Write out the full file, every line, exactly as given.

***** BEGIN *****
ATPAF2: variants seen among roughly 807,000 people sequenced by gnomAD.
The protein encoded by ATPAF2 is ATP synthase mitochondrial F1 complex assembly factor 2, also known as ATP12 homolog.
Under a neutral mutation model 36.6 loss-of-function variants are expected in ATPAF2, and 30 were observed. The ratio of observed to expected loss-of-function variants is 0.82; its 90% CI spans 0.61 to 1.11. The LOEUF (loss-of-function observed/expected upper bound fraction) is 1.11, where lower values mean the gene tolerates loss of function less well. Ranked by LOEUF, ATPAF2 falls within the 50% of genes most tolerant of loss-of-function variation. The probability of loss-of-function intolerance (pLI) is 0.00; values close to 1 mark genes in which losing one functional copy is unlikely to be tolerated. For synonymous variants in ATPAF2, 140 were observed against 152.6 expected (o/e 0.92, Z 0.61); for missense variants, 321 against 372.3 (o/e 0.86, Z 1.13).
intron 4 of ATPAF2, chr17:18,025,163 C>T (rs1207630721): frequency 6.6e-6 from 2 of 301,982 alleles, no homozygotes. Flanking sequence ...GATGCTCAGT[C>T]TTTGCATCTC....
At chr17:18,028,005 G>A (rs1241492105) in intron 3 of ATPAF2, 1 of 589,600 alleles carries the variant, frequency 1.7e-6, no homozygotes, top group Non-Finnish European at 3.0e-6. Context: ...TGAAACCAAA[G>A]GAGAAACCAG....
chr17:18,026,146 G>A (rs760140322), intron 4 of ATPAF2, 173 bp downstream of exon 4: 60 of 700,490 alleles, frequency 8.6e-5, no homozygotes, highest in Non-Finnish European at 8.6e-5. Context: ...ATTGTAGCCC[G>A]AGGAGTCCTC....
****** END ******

ATPAF2: variants seen among roughly 807,000 people sequenced by gnomAD.
The protein encoded by ATPAF2 is ATP synthase mitochondrial F1 complex assembly factor 2, also known as ATP12 homolog.
Under a neutral mutation model 36.6 loss-of-function variants are expected in ATPAF2, and 30 were observed. The ratio of observed to expected loss-of-function variants is 0.82; its 90% CI spans 0.61 to 1.11. The LOEUF (loss-of-function observed/expected upper bound fraction) is 1.11, where lower values mean the gene tolerates loss of function less well. Ranked by LOEUF, ATPAF2 falls within the 50% of genes most tolerant of loss-of-function variation. The probability of loss-of-function intolerance (pLI) is 0.00; values close to 1 mark genes in which losing one functional copy is unlikely to be tolerated. For synonymous variants in ATPAF2, 140 were observed against 152.6 expected (o/e 0.92, Z 0.61); for missense variants, 321 against 372.3 (o/e 0.86, Z 1.13).
intron 4 of ATPAF2, chr17:18,025,163 C>T (rs1207630721): frequency 6.6e-6 from 2 of 301,982 alleles, no homozygotes. Flanking sequence ...GATGCTCAGT[C>T]TTTGCATCTC....
At chr17:18,028,005 G>A (rs1241492105) in intron 3 of ATPAF2, 1 of 589,600 alleles carries the variant, frequency 1.7e-6, no homozygotes, top group Non-Finnish European at 3.0e-6. Context: ...TGAAACCAAA[G>A]GAGAAACCAG....
chr17:18,026,146 G>A (rs760140322), intron 4 of ATPAF2, 173 bp downstream of exon 4: 60 of 700,490 alleles, frequency 8.6e-5, no homozygotes, highest in Non-Finnish European at 8.6e-5. Context: ...ATTGTAGCCC[G>A]AGGAGTCCTC....